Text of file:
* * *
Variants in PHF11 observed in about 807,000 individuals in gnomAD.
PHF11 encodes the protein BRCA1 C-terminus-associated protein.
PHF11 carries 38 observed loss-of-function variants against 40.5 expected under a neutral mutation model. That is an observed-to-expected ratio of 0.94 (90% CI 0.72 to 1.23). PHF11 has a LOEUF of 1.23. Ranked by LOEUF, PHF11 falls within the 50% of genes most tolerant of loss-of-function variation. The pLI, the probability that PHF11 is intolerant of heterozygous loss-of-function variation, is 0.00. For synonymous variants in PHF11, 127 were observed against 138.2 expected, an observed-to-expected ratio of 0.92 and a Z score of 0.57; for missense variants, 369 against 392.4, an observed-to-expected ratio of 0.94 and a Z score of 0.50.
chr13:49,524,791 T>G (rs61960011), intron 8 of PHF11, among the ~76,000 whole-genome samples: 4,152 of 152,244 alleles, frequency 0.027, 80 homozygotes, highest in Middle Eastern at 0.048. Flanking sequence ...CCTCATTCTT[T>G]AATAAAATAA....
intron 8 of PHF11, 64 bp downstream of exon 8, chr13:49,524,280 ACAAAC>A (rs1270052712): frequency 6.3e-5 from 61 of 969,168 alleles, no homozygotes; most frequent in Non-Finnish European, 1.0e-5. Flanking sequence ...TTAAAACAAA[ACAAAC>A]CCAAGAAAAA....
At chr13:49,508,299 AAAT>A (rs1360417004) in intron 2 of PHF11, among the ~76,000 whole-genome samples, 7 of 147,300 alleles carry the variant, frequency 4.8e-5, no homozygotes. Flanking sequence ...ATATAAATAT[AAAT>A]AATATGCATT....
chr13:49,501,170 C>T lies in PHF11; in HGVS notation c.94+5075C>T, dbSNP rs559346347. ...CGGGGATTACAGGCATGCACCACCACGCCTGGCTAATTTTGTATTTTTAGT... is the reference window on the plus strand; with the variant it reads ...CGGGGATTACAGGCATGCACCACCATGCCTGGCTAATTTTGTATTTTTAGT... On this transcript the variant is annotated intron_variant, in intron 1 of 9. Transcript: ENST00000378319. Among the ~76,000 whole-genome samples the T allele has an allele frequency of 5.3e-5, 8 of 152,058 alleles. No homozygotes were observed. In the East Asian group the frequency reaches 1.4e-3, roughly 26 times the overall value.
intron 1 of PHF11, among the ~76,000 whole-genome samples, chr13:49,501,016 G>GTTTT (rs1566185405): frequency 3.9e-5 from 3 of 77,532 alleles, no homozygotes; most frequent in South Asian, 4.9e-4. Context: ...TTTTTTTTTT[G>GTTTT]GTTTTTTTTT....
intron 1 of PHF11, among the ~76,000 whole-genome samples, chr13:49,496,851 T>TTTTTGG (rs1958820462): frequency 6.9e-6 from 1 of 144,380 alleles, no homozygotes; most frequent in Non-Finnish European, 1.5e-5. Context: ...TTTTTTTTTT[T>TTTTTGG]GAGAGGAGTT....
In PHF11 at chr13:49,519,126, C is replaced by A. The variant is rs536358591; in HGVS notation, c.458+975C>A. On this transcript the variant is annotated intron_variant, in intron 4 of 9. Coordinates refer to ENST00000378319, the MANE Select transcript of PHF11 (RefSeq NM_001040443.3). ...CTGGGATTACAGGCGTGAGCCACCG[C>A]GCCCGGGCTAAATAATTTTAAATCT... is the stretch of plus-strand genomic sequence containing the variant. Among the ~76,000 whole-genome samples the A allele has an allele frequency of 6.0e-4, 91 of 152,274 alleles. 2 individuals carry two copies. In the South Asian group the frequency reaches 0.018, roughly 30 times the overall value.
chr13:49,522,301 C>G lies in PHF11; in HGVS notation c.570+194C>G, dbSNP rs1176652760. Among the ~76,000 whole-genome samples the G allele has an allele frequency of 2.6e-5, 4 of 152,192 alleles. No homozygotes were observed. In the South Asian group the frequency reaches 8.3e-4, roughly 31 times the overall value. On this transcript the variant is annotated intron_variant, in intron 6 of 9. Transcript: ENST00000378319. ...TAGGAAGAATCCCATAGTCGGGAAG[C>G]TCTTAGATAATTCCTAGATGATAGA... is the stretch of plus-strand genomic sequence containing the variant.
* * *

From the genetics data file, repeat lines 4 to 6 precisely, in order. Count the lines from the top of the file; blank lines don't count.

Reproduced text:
chr13:49,524,791 T>G (rs61960011), intron 8 of PHF11, among the ~76,000 whole-genome samples: 4,152 of 152,244 alleles, frequency 0.027, 80 homozygotes, highest in Middle Eastern at 0.048. Flanking sequence ...CCTCATTCTT[T>G]AATAAAATAA....
intron 8 of PHF11, 64 bp downstream of exon 8, chr13:49,524,280 ACAAAC>A (rs1270052712): frequency 6.3e-5 from 61 of 969,168 alleles, no homozygotes; most frequent in Non-Finnish European, 1.0e-5. Flanking sequence ...TTAAAACAAA[ACAAAC>A]CCAAGAAAAA....
At chr13:49,508,299 AAAT>A (rs1360417004) in intron 2 of PHF11, among the ~76,000 whole-genome samples, 7 of 147,300 alleles carry the variant, frequency 4.8e-5, no homozygotes. Flanking sequence ...ATATAAATAT[AAAT>A]AATATGCATT....